Beginning April 1, 2015, employers in Ontario must ensure that workers on construction projects who may use certain methods of fall protection successfully complete “working at heights” training that meets training program and provider standards established by the Chief Prevention Officer (CPO).
The Occupational Health and Safety Awareness and Training Regulation (Ontario Regulation 297/13) under the Occupational Health and Safety Act (OHSA), has been amended to include mandatory working at heights training requirements. The working at heights training is valid for three years from the date the worker completes an approved training program delivered by an approved training provider.
In addition to these new requirements, employers continue to have a duty under Section 26.2 (1) of O. Reg. 213/91(Construction Projects) to ensure that workers who may use a fall protection system are adequately trained on the use of the system, and are given adequate oral and written instructions by a competent person.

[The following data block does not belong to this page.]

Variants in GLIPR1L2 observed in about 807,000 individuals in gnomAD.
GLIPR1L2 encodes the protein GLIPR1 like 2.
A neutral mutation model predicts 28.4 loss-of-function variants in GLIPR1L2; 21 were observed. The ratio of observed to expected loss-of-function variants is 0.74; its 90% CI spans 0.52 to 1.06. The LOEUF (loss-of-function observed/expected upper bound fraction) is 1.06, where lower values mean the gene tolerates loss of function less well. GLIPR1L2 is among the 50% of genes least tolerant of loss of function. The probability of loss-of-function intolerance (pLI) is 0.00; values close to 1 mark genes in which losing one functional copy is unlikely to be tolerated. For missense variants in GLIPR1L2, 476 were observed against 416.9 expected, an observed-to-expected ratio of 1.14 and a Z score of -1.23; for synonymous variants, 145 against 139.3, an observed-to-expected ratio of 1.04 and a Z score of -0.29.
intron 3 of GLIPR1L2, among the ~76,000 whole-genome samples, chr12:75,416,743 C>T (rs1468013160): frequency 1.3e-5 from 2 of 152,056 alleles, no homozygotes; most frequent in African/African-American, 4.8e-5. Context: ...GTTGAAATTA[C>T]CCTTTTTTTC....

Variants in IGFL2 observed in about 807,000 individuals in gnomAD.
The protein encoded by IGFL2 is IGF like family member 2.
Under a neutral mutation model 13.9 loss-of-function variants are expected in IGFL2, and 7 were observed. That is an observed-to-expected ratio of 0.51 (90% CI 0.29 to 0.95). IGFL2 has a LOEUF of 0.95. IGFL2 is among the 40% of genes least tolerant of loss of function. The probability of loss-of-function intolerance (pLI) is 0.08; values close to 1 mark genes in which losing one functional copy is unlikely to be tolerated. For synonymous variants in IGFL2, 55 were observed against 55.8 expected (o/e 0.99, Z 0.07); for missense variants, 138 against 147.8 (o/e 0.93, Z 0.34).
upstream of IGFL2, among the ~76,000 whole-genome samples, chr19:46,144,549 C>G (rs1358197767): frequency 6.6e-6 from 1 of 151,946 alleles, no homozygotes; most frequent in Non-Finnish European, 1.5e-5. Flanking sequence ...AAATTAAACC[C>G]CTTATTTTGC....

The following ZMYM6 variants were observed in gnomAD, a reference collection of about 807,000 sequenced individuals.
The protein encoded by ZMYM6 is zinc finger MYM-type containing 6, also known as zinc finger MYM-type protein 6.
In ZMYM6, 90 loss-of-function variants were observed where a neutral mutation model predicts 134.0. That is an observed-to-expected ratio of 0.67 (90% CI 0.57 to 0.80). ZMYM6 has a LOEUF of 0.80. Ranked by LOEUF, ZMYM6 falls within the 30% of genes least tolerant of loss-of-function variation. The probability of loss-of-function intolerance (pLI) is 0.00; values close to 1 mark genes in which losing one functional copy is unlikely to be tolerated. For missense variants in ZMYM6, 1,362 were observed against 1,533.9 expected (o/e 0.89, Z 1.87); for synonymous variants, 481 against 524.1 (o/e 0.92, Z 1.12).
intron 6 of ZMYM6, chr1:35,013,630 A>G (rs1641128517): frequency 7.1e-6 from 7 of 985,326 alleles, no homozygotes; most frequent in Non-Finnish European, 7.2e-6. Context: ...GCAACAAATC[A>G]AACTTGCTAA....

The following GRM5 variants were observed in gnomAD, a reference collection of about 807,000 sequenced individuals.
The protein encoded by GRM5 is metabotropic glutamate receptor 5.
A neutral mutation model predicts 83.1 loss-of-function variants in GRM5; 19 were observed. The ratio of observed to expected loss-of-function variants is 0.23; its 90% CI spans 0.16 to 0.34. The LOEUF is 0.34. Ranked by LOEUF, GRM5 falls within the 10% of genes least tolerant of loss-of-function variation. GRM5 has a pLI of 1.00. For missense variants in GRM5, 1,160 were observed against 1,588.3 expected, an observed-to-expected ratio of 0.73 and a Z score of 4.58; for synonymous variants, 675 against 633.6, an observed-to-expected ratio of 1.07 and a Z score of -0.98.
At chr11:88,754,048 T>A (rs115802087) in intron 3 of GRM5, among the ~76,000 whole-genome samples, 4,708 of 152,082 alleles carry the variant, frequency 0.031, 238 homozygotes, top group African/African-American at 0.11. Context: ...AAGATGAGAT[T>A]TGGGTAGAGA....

Regulatory Requirements for Working at Heights Training Workers
The new training requirements apply to workers who are required under O. Reg. 213/91 (Construction Projects) to use any of the following methods of fall protection:
Employers with workers who are required by O.Reg. 213/91 (Construction Projects) to use any of the fall protection methods listed above must do the following to ensure they comply with the new training requirements:
If a worker has completed training before April 1, 2015 that met the requirements of section 26.2 of O. Reg. 213/91(Construction Projects), that worker will have until April 1, 2017 to complete an approved working at heights training program that is delivered by an approved training provider.
For more information:
For a list of approved training programs and providers, visit the Ministry of Labour’s web site at www.ontario.ca/workingatheights.
PLAN AHEAD FOR GLASS SUPPLY SHORTAGES
Many sources have confirmed that our industry can almost certainly expect a shortage of various types of glass during the current year. Along with those shortages it is expected that there very well could be a steep increase in prices, much longer lead times, and difficulties in on-time deliveries.
Briefly, the reasons for the anticipated disruption in glass supply are summarized as follows:
For companies in the glazing contracting industry, it will be critical to proactively forward plan your projects to lock in your glass supply, pricing, and delivery. It will also be prudent to let your contractors and architects know that they will not have the luxury of delaying decisions on the glass for their projects as they will almost surely expect delays in closing.
– Frank Fulton
Categories: Members Bulletins